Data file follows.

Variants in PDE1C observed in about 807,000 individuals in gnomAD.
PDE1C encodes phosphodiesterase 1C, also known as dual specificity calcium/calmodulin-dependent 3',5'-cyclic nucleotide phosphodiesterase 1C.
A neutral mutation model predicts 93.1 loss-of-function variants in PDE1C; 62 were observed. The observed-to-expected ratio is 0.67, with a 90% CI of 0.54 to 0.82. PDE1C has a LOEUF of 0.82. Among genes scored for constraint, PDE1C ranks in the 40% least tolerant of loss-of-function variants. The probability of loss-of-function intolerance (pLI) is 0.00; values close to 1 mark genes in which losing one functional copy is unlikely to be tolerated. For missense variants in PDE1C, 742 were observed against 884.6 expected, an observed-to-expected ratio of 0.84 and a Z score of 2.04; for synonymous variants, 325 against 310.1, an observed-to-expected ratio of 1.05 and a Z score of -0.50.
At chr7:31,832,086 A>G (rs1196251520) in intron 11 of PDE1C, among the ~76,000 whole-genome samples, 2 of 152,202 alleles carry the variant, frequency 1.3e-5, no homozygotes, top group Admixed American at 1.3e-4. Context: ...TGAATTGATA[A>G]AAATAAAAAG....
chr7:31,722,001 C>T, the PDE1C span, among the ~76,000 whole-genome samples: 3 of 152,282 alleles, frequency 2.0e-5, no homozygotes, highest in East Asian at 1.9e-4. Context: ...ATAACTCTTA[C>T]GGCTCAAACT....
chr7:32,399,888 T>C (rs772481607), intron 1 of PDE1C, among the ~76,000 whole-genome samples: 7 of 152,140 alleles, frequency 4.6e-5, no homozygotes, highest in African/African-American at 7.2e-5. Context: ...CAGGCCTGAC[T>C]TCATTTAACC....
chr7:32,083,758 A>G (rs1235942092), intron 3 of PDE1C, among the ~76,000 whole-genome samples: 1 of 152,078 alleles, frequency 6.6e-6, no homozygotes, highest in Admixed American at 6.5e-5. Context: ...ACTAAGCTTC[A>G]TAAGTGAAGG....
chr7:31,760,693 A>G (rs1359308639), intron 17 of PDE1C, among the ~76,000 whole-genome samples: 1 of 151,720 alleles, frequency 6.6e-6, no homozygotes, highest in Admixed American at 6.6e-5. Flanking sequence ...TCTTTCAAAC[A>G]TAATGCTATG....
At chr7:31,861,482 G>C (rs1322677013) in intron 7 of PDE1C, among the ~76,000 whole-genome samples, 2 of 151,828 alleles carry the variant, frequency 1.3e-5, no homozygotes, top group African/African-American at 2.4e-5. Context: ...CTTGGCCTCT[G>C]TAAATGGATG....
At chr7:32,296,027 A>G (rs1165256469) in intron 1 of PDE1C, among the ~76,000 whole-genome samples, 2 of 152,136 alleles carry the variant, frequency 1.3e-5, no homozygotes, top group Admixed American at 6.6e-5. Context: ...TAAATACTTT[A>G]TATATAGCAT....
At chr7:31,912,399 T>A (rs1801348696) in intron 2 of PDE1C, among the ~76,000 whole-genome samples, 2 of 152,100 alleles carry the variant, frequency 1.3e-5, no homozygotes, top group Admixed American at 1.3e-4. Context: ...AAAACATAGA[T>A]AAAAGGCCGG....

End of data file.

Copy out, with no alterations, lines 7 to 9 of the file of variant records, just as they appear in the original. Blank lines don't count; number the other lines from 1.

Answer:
chr7:32,083,758 A>G (rs1235942092), intron 3 of PDE1C, among the ~76,000 whole-genome samples: 1 of 152,078 alleles, frequency 6.6e-6, no homozygotes, highest in Admixed American at 6.5e-5. Context: ...ACTAAGCTTC[A>G]TAAGTGAAGG....
chr7:31,760,693 A>G (rs1359308639), intron 17 of PDE1C, among the ~76,000 whole-genome samples: 1 of 151,720 alleles, frequency 6.6e-6, no homozygotes, highest in Admixed American at 6.6e-5. Flanking sequence ...TCTTTCAAAC[A>G]TAATGCTATG....
At chr7:31,861,482 G>C (rs1322677013) in intron 7 of PDE1C, among the ~76,000 whole-genome samples, 2 of 151,828 alleles carry the variant, frequency 1.3e-5, no homozygotes, top group African/African-American at 2.4e-5. Context: ...CTTGGCCTCT[G>C]TAAATGGATG....